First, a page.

We can change, and we can make a new start. The whole human family needs to work together to care for our planet earth so that we sow beauty, not pollution and destruction. So, let’s put love for the world and love for our neighbours, into action, by living together in harmony, and caring for nature.

The Revive The Earth program utilises the Shared Path Framework “… to go beyond mere surface-experience in our endeavours to develop students who are compassionately engaged human beings.”

The interrelated movements of the Framework are:

Movement 1: PREPARE
Attention of the Heart/Holding Space
How can we ground experiences in the here and now?

Movement 2: PARTNER
Receptive Presence/Connecting
How do we form authentic reciprocal relationships with the communities we are engaging with?

Movement 3: PERCEIVE
Critical Reflection/Seeing Beyond
How do we train the eye to see beyond the experience? How do we use reflective tools that mirror the pathway of incoming information through the brain?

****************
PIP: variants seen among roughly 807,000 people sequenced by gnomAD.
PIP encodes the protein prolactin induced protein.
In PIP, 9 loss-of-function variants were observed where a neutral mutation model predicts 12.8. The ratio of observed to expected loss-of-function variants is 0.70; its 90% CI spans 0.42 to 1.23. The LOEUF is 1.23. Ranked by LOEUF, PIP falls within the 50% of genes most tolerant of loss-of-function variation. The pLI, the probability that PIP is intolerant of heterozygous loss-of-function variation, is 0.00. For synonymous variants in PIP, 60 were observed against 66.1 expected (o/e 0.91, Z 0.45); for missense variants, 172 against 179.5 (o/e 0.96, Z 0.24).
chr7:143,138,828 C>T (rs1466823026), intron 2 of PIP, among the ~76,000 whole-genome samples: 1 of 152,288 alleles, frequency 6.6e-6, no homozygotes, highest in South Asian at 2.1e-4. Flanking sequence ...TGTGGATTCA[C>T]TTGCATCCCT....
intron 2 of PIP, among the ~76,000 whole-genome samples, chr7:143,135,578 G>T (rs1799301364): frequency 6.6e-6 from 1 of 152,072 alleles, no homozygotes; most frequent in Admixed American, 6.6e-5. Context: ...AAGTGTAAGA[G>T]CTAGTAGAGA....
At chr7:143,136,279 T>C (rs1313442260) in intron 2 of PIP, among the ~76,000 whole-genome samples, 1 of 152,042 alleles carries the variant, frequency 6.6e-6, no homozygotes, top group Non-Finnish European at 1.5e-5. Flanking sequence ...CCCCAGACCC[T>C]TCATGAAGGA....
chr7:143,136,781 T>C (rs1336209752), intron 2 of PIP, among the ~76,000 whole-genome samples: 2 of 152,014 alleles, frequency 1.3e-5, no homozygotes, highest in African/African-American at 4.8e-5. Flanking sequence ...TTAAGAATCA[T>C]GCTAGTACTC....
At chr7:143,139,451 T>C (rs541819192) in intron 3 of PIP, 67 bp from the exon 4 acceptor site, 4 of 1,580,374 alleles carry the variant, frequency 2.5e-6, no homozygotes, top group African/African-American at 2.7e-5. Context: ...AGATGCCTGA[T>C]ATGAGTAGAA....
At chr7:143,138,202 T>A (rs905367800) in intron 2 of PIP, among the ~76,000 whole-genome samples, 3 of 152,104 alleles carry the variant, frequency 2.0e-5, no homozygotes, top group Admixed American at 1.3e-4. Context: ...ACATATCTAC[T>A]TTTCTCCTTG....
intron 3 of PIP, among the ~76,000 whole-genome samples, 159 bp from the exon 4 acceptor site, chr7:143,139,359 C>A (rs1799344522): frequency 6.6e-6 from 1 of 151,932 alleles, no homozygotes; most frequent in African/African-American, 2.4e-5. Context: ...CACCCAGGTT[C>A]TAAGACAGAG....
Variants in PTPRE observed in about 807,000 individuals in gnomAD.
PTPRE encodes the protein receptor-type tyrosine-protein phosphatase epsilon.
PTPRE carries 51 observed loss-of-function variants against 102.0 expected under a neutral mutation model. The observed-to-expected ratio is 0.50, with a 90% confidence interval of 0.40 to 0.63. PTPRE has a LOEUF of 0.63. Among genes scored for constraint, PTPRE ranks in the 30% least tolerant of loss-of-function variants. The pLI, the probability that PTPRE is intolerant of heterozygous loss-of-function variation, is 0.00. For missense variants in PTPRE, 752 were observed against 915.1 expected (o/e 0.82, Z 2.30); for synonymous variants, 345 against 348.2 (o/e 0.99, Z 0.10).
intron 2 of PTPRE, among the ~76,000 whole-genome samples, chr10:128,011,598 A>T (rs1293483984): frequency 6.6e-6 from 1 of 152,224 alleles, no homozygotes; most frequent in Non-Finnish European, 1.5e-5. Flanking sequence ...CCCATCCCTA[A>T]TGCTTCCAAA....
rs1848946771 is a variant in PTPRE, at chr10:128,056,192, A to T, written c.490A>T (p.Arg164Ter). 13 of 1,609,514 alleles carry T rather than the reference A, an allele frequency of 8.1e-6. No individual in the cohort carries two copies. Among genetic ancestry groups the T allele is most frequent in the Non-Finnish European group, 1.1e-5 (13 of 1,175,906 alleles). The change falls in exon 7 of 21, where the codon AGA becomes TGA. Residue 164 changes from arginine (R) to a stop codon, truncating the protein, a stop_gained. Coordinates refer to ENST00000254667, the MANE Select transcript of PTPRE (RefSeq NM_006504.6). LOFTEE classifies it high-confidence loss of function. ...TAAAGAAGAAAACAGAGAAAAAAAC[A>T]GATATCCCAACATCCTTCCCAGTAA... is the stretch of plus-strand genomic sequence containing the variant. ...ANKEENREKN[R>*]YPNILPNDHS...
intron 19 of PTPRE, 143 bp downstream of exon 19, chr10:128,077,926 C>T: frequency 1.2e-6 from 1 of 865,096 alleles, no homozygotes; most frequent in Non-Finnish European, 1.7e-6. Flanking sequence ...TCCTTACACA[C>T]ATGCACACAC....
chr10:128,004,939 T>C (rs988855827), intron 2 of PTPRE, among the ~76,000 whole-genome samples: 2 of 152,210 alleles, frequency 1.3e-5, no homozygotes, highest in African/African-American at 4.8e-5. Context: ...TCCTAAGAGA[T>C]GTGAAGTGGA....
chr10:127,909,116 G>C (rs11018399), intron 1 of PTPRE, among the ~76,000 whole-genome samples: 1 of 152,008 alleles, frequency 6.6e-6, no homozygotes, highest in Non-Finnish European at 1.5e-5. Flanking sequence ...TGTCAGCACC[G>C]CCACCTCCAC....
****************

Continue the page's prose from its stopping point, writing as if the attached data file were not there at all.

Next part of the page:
Movement 4: PRACTICE
Reciprocal Intention/Discernment
How can we ensure that students aren’t developing pre-mature solutions to complex community challenges?

Movement 5: PARTICIPATE
Integration of Purpose/Transformation
How can this be placed to animate, orient and innovate a new way of being human and a new way of relationship which is radically open-hearted and transformational.

Leaning to use a hand saw.

On site the Team dived in with a will to subdue a forest of weeds: Guinea Grass Megathyrsus maximus var. maximus*, Cobblers Peg Bidens pilosa*, Corky Passion Vine Passiflora suberosa*.

The team also helped us trial a new tool to remove Guinea Grass by separating the plant crown from roots with minimal root disturbance. The diverse living organisms critical for soil health can be damaged by if the soil is disturbed, so we are working with the BCC Habitat Brisbane team to develop best practice techniques for habitat restoration.

It is also a pleasure sharing basic skills like using a hand saw safely.

I am looking forward to welcoming the Clairvaux Bushcare team back for my own learning. Observing how the students apply the Shared Path Framework will strengthen my skills with community engagement.

Griffith Mates Team in action

By: Michael Fox

Welcoming our Griffith Mates Bushcare Team back on Saturday was a real pleasure for me.